Indoor gardeners like to make the most of their growing space using various training techniques. It may be quite satisfying when a quality-conscious grower discovers innovations that increase potency and production. Defoliating cannabis plants helps some producers to do this by enabling buds or blooms to develop under optimal circumstances under direct light. In nature, the sun neatly goes from one side of the sky to the other, ensuring that all branches and blossoms receive some natural light.
However, an indoor grow light in an optimized grow environment is generally fixed in place. Only a small percentage of growers employ light movers, which reduce lasting shadows like the slowly moving sun. In an optimized indoor grow space, a dense canopy of leaf cover is impossible to prevent. This can result in long-lasting shadows over nodes or bloom sites. As a result, further growth is restricted, and yields are lowered. Defoliating cannabis increases light penetration while also boosting airflow.
Cannabis plant defoliation may seem straightforward, but it is crucial to note that it does carry some danger. An unskilled grower may be tempted to defoliate a cannabis plant excessively. Slowing development and eliminating healthy bloom sites might diminish eventual output potential. Some producers dispute the basic rationale of cannabis defoliation. Why would a plant spend energy making leaves that are just not needed? Cannabis plants employ their leaves to store nutrients in case they are required, such as during nutrient deficiencies, droughts, or insect infestations.
However, if you cultivate cannabis indoors, part of this extra leaf growth is unnecessary. Perfect temperature or humidity levels and a reduced chance of pests, droughts, and nutrient shortages are two advantages of growing cannabis indoors in controlled settings and ideal growing circumstances. Thus, the dense canopy of light-blocking foliage becomes more of a burden than a benefit for indoor plants.
Cannabis defoliation can be beneficial in these instances. You may assist your plant in making better use of its limited light resources by eliminating part of the excessive leaves. Cannabis defoliation helps airflow around your plants as well. This, in turn, minimizes the possibility of humidity issues and, resulting in the likelihood of pests or mold.
Note, autoflower defoliation requires a little different approach.
The primary reason for defoliating cannabis plants is to remove leaves that otherwise prevent light from reaching emerging bud locations. Most supporters of the practice would argue that they defoliate cannabis to increase yields. Since the buds will develop under optimized PPFD (light intensity levels), potency should also improve. Additionally, defoliation may improve air circulation in and around your grow room. When done correctly, defoliation provides several benefits to your cannabis plant. Among them are the following:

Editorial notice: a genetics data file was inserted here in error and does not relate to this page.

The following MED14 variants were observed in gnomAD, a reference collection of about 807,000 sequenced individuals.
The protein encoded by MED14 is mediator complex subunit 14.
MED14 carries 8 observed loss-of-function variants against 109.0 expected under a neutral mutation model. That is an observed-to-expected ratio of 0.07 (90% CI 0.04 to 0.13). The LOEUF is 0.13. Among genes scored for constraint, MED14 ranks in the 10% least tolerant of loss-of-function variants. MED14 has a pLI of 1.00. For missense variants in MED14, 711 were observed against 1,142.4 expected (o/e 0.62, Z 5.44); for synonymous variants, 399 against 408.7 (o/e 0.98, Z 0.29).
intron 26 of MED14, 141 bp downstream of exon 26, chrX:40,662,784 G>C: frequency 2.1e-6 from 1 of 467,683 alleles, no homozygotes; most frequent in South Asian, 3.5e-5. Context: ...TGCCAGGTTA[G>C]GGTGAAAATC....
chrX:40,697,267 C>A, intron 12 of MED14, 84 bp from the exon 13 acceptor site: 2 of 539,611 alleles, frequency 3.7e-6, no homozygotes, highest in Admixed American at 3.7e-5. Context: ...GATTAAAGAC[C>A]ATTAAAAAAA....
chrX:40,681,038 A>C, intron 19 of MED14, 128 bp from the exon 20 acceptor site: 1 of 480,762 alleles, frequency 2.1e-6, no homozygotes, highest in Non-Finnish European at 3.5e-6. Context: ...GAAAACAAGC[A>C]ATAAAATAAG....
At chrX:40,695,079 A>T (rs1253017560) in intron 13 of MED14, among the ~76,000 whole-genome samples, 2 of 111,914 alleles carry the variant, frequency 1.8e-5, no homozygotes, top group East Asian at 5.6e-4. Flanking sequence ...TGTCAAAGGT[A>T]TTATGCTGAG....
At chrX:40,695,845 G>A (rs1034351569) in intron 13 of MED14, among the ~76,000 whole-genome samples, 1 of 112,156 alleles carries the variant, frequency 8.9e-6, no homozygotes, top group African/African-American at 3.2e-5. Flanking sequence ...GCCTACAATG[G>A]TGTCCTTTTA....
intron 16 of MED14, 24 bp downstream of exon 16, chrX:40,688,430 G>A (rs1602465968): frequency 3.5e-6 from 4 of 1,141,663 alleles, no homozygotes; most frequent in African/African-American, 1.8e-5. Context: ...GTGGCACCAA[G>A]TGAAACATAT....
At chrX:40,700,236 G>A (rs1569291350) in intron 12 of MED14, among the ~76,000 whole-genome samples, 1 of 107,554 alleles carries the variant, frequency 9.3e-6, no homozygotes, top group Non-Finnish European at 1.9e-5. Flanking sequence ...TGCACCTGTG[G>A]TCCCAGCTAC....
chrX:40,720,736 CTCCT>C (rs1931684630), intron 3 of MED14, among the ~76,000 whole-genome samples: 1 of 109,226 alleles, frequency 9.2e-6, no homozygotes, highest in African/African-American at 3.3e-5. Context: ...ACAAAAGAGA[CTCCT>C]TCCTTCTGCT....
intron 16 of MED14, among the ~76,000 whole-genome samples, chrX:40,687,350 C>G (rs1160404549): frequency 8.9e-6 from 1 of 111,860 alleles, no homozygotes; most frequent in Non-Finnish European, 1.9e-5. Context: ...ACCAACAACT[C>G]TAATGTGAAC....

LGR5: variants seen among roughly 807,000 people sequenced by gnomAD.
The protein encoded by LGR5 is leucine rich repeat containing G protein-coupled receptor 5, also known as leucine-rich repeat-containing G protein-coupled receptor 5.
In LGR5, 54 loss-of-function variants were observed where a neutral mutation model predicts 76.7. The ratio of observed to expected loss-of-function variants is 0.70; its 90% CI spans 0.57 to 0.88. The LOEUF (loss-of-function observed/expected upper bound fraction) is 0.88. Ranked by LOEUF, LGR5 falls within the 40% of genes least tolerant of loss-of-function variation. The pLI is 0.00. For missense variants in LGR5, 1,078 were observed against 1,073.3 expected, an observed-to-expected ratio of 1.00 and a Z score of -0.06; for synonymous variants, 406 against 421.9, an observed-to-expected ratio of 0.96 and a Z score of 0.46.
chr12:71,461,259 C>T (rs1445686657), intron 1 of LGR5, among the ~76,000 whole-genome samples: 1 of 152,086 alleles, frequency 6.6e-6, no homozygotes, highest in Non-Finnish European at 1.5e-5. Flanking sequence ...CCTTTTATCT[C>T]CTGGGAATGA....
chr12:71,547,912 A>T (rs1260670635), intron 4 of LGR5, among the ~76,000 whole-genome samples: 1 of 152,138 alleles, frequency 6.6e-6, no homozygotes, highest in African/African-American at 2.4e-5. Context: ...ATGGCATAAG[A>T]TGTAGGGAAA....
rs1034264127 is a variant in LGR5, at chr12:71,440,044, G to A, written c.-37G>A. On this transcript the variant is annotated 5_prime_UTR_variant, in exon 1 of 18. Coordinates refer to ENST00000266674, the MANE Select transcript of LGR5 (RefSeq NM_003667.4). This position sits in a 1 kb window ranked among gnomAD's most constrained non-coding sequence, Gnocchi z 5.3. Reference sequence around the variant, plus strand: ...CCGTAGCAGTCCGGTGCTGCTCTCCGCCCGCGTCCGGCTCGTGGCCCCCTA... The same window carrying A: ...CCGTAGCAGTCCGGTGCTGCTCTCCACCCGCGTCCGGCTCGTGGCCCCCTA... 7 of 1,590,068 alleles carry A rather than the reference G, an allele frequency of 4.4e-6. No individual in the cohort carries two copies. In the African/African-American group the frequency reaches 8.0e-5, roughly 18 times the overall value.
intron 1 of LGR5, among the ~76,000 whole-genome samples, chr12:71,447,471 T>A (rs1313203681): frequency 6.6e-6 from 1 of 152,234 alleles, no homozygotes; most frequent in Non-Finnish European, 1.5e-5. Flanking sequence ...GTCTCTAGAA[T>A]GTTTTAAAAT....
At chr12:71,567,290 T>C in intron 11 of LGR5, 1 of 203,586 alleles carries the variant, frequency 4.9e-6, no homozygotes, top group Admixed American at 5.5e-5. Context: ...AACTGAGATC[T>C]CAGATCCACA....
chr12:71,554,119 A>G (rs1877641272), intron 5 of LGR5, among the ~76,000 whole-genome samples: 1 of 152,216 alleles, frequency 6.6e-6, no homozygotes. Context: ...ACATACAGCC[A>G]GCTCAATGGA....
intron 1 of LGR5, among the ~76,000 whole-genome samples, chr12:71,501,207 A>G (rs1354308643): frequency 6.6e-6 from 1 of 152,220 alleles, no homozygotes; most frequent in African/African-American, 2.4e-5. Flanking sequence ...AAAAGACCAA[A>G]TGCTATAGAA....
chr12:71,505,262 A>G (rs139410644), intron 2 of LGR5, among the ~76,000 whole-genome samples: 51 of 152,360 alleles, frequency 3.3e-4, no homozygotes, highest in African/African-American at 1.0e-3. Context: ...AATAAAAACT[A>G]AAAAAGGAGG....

Defoliation has been shown to increase the yields of your cannabis garden. The first focuses on the plant hormone ethylene, which is known to reduce yields due to its potential to initiate aging processes inside plant cells. Ethylene concentrations are greater in older leaves and flowers, such as those at the lower ends of the cannabis plant, by design. Defoliation efficiently nips these leaves and blossoms, causing the plant to produce more. The second viewpoint is centered on defoliation’s capacity to improve leaf exposure to sunshine and air, which directly drives greater photosynthesis, better growth, and higher yields by harvest time.
Increased growth implies more leaves everywhere for cannabis plants. When there is no defoliation for an extended period, the lower and inner regions of the plant have their air circulation blocked off by the numerous leaves around the foliage, which is detrimental to growth since there is minimal gas exchange via the stomata in the leaf. Defoliation can assist in avoiding tragedy in this situation, especially if some of the larger leaves are removed, and regions with more leaves are pruned to promote air passage into other parts of the plant.